If I understood Greg's comments correctly, we should try to rescue the knowledge-belief semantic correlation in this statement. As Lukas put it, if one says "I hope it won't rain tomorrow" or anything like this, one is simply wishing that something will take place, such as a nice weather, and all contingent things we hope for, unveiling thus the subjective pole of this statement. Now, the difference between "hoping that" and "hoping in," as Renea pointed out, seems to open up the intersubjective horizon of meaning that is inherent in the hope-knowledge correlation applied to the proposition "I hope God is there." I entirely agree that the verb "hope" here does entail a personal commitment, very similar to the one we find in other Hebrew verbs such as "love" and "trust." (Sorry about this long spontaneous babbling, but I'm still attending a philosophy conference in Sao Paulo, and met several people from France, Canada, Germany, Israel, the US, and two guys from Lausanne who knew the Swiss L'Abri ! –and we couldn't avoid these polemic discussions about religion, politics, and soccer!) Anyways, to go back to the point, I think that "I hope God is there" must make sense of both the knowledge-belief and the hope-knowledge correlations, which to my mind come down to presupposing a personal relationship with the Wholly Other, in this case, God as a loving person, creator, father, savior, and mother (I'm not sure Greg would agree with this last one). When we say "I know p," it means that we have knowledge about p, or in epistemological terms, that we have a justified true belief about a certain state of affairs. In the case of the "I hope God is there" statement, I think that we are either already assuming (or presupposing) that God is actually there (which means, we know already that God is there) or, even if we cannot use the verb "know" in the same way that we say "I know that 1 + 1 = 2," we hope that God has to be there in order to make sense of math and everything else we get to know about nature and reality. This was somehow Descartes' argument for God's existence (or at least, one plausible reading of the Cartesian meditations), and that has been the way most Christians resort to Anselm's argument: "that than which nothing greater can be conceived". Accordinly, if "that than which nothing greater can be conceived" existed only in one's mind, it would not be "that than which nothing greater can be conceived", since it can be thought to exist in reality, which is greater. It follows, according to Anselm, that "that than which nothing greater can be conceived" must exist in reality. Most Reformed epistemologists still resort to this kind of reasoning, but in my opinion they won't succeed in convincing any atheist or agnostic to embrace belief in God, hence my take on the personal trust element, which Renea rightly brought in. In effect, the Hebrew words "truth" (emeth) and "faith" (emunah) relate to "amen" and confidence (betach, hope) that G-d will always already be there. "Dasein" (which Heidegger interestingly used for human existence) does in effect unveil that "God is there" prior to any facticity or our being thrown into finite, existential situations. So, I hope God is there!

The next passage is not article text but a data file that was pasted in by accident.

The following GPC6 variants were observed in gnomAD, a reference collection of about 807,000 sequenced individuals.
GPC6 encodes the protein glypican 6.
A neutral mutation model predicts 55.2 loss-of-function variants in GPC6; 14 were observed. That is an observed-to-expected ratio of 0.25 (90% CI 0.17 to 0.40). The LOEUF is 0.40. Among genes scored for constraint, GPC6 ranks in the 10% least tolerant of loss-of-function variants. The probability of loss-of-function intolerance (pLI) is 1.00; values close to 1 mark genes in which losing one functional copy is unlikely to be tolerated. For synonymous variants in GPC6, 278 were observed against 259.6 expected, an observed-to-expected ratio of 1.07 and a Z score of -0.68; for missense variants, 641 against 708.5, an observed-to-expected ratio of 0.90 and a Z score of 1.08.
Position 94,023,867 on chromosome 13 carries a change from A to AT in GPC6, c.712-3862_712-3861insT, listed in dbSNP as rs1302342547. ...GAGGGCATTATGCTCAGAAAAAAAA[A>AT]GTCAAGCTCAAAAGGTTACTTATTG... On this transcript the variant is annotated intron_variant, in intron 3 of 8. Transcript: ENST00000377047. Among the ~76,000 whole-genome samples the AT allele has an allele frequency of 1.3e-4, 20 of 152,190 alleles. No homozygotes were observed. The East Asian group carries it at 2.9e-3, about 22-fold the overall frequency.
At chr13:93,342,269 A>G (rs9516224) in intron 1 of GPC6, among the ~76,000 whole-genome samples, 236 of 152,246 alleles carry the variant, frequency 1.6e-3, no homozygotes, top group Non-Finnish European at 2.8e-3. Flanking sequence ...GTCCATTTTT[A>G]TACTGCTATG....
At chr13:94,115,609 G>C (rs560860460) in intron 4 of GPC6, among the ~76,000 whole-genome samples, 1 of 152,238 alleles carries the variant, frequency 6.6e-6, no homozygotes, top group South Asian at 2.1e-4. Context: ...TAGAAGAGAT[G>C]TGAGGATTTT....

Shalom,
Nita

Greg said...

Nita,
Thanks for these helpful insights. Sao Paulo sounds like a blast.

"Hoping in" and "hoping that" would seem to need to be in a dialogue that has both eschatological and present day senses in mind.

A fiduciary connection of community with God, I believe, can be not only be hoped for, but also known as that "who" and "what" that reality is pointing us to.

Micha said...

Shalom,

We dont need to hope 'for a personal relationship'.
We dont need to hope for a 'fiduciary connection of community with God'.

But we do need to hope for justice and shalom and comfort for all the weak, innocent, shattered existences.

We do need to hope that one day this hope is real and we do not longer need it.

I apologize for my harsh and rough tone and I hope that - since you know that I respect you - apologizing is unnecessary.

Greg said...

Micha,
Thanks. I think I agree with some of your statements.

I would say that in the midst of hoping for justice and shalom, comfort for the oppressed and disenfranchised, there is sometimes a "doing for" that contributes to filling the gap between nothing and everything.

The hope is real because it is located in the God of hope and in this sense it is not hope that hope is real, but the reality that God is.

You're right - no apologies necessary.